For some from the Santa Fe/Albuquerque area, ABQ-based musician Javier Romero has long been a heroic titan of indie rock and pop goodness. A member of sadly defunct but no-less-notable bands Mistletoe and Cherry Tempo, Romero’s songwriting chops have been apparent for decades, and that includes with his solo project, Strange Magic. In 2022, Romero crafted 52 songs, one a week, under that moniker, and he wrapped the project a few weeks ago. Dubbed Quantity Inn—and available in part at strangemagic.bandcamp.com—the songs are a sprawling and introspective tour through the mind of a musician who has churned out some of the finest melodies of the ’90s, 2000s, 2010s and, now, 2020s. Yeah, I said it, and I meant it. I caught up with Romero to learn more about the Quantity Inn project. This interview has been edited for clarity and length.
Tell us about the impetus for the project. Did you set out to write so many songs as a specific exercise, or did it just happen this way?
It was completely deliberate. I just thought I’d take up the challenge. I don’t know why, but from what I remember, I was thinking about doing another [Strange Magic] album anyway, and it might have been [former Mistletoe bandmate] Alex Rose who suggested…not this scale, but something similar that people could follow along with. But y’know, I’m not sure it worked. I think initially people were like, ‘Cool, I’ll follow along!’ But after so many; after, like, 20 songs, they were like, ‘I’m out.’
I had a lot of voice recorder ideas ready to start with at least, but there wasn’t anything that had lyrics, or even a chorus. Typically, it was maybe just a guitar riff or a small idea I could run with, so nothing super planned—except for in October when I decided it would be a fun exercise to do Rocktober, so I tried to make those songs heavier.
What I was trying to do [lyrically] whatever came to mind in that moment, which was really fun. I even did a Christmas song: As I was doing dishes, I thought of the line, ‘I don’t want to join in on this mess/I’m not really in the mood for Christmas.’ For the most part that’s how it went, but I had a few ideas I abandoned because they didn’t come naturally. If I had sense things were coming naturally, I would go along with it.
Did you find yourself not wanting to write at times across the course of the project? How did you keep the dream alive?
yeah So I definitely had a lull because I went on a trip in June, so from pretty much end of May until August, I was drawing a blank. All the stuff that was ready and in the can, so to speak, any pieces I had, went dry. So I think that because I was in vacation mode, my brain was like, ‘We’re not doing this.’ So it took a good few weeks after that. But by the end of the year, I was really trying to keep to 52 songs, and I think on Dec. 30 I wrote and recorded three songs just to complete it. I didn’t want to slack off. I think I still had some momentum so I was wanting to record more, but I think I probably lost a little bit of that muscle.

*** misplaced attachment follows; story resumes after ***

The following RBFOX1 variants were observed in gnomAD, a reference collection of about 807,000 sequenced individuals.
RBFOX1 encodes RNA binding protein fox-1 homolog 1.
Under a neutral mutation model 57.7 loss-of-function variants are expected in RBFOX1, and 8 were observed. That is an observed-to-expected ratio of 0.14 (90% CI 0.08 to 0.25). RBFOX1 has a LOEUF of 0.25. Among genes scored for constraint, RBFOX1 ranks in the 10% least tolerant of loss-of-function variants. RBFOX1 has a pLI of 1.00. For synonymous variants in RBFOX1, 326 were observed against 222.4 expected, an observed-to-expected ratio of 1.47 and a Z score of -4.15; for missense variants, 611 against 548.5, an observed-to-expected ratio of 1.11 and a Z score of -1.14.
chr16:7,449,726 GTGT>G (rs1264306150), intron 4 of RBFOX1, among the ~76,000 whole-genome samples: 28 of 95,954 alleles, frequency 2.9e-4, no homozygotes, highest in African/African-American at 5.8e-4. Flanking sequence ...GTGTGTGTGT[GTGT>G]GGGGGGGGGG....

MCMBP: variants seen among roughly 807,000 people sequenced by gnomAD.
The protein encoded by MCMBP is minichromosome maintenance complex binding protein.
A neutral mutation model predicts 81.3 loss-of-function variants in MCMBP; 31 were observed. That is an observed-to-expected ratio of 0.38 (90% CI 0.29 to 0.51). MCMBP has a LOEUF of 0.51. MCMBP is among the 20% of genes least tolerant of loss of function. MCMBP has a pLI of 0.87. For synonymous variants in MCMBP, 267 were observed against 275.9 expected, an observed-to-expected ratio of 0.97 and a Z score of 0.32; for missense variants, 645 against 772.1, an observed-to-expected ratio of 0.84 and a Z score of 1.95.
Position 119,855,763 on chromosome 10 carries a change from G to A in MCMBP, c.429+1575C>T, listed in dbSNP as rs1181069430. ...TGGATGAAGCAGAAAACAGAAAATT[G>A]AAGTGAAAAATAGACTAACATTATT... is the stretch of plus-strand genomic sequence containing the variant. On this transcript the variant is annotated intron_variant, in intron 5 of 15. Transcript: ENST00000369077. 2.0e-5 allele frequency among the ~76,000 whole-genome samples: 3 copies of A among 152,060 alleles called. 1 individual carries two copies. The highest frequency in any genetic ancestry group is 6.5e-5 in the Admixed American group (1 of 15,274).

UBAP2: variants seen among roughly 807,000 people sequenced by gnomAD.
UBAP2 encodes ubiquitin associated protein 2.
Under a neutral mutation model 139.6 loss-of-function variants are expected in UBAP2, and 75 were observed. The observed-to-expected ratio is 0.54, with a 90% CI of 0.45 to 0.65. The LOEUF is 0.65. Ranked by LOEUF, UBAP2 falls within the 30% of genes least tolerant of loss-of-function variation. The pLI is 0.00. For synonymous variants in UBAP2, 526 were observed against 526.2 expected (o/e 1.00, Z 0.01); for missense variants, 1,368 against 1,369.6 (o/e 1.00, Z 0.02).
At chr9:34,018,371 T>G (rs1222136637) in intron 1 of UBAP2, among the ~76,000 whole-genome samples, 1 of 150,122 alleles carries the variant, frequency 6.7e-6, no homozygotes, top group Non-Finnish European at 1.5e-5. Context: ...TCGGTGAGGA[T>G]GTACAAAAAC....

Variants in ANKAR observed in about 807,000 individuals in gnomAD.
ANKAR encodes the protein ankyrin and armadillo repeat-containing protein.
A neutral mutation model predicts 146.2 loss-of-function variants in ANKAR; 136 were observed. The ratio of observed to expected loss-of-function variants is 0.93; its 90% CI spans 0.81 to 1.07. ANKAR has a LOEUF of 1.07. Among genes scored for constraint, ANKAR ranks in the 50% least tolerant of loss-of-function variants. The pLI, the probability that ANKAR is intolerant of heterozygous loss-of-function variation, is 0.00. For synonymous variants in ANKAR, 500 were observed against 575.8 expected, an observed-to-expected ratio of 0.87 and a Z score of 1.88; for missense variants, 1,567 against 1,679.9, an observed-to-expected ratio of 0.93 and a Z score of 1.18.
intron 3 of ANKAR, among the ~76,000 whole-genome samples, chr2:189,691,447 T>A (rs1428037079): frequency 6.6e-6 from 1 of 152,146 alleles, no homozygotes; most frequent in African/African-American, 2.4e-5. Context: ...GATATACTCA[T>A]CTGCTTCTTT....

I really just want people to hear it and wouldn’t mind some feedback—good or bad. I don’t want people patting me on the back if they don’t love it, but I still think it’s like any creative endeavor—it only really exists if someone else experiences it.
What do you plan on doing with the songs, if anything, and where can people hear them?
I do not know. One idea was to split it into four albums. I bet I could split it into four albums, 10 or 12 songs to an album. I was actually trying to get with some people who know about how to market things or know that world, how to get things reviewed, but it’s really hard…to get anyone’s ear. It’s a little icky but it seems like if you want to get your stuff reviewed or released, there has to be a little exclusivity, but as far as releasing it goes, I just need to think about scale and what that entails. It might be a tape, it might be aa few tapes. Maybe it’s just the best 10 songs or so that end up on a singular album. They’re on Bandcamp, some of them. I don’t know, though, we’ll see what I do with them. Now it’s time to write more songs.